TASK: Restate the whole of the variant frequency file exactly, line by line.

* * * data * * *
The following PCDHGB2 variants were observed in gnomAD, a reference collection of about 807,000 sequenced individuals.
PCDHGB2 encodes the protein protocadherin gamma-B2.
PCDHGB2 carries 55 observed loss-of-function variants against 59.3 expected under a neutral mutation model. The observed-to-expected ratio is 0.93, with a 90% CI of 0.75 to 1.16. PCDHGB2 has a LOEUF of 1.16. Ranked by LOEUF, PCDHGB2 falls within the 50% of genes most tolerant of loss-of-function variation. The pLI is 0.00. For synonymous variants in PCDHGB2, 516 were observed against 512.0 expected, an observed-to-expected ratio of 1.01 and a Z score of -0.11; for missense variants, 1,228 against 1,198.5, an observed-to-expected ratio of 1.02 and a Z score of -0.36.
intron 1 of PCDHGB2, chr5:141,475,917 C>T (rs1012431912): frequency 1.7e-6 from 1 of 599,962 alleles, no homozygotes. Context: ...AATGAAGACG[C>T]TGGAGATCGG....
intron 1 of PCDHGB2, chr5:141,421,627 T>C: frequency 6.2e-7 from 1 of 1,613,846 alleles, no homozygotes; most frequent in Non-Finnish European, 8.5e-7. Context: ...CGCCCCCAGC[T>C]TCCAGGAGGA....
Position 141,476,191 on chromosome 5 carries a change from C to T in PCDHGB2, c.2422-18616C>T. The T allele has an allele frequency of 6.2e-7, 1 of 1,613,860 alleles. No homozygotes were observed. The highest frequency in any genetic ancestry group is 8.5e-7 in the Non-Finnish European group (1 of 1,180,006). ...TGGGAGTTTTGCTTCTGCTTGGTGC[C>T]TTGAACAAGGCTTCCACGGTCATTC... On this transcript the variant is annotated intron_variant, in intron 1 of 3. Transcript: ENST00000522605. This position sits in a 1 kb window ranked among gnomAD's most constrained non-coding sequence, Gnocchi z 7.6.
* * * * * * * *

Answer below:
The following PCDHGB2 variants were observed in gnomAD, a reference collection of about 807,000 sequenced individuals.
PCDHGB2 encodes the protein protocadherin gamma-B2.
PCDHGB2 carries 55 observed loss-of-function variants against 59.3 expected under a neutral mutation model. The observed-to-expected ratio is 0.93, with a 90% CI of 0.75 to 1.16. PCDHGB2 has a LOEUF of 1.16. Ranked by LOEUF, PCDHGB2 falls within the 50% of genes most tolerant of loss-of-function variation. The pLI is 0.00. For synonymous variants in PCDHGB2, 516 were observed against 512.0 expected, an observed-to-expected ratio of 1.01 and a Z score of -0.11; for missense variants, 1,228 against 1,198.5, an observed-to-expected ratio of 1.02 and a Z score of -0.36.
intron 1 of PCDHGB2, chr5:141,475,917 C>T (rs1012431912): frequency 1.7e-6 from 1 of 599,962 alleles, no homozygotes. Context: ...AATGAAGACG[C>T]TGGAGATCGG....
intron 1 of PCDHGB2, chr5:141,421,627 T>C: frequency 6.2e-7 from 1 of 1,613,846 alleles, no homozygotes; most frequent in Non-Finnish European, 8.5e-7. Context: ...CGCCCCCAGC[T>C]TCCAGGAGGA....
Position 141,476,191 on chromosome 5 carries a change from C to T in PCDHGB2, c.2422-18616C>T. The T allele has an allele frequency of 6.2e-7, 1 of 1,613,860 alleles. No homozygotes were observed. The highest frequency in any genetic ancestry group is 8.5e-7 in the Non-Finnish European group (1 of 1,180,006). ...TGGGAGTTTTGCTTCTGCTTGGTGC[C>T]TTGAACAAGGCTTCCACGGTCATTC... On this transcript the variant is annotated intron_variant, in intron 1 of 3. Transcript: ENST00000522605. This position sits in a 1 kb window ranked among gnomAD's most constrained non-coding sequence, Gnocchi z 7.6.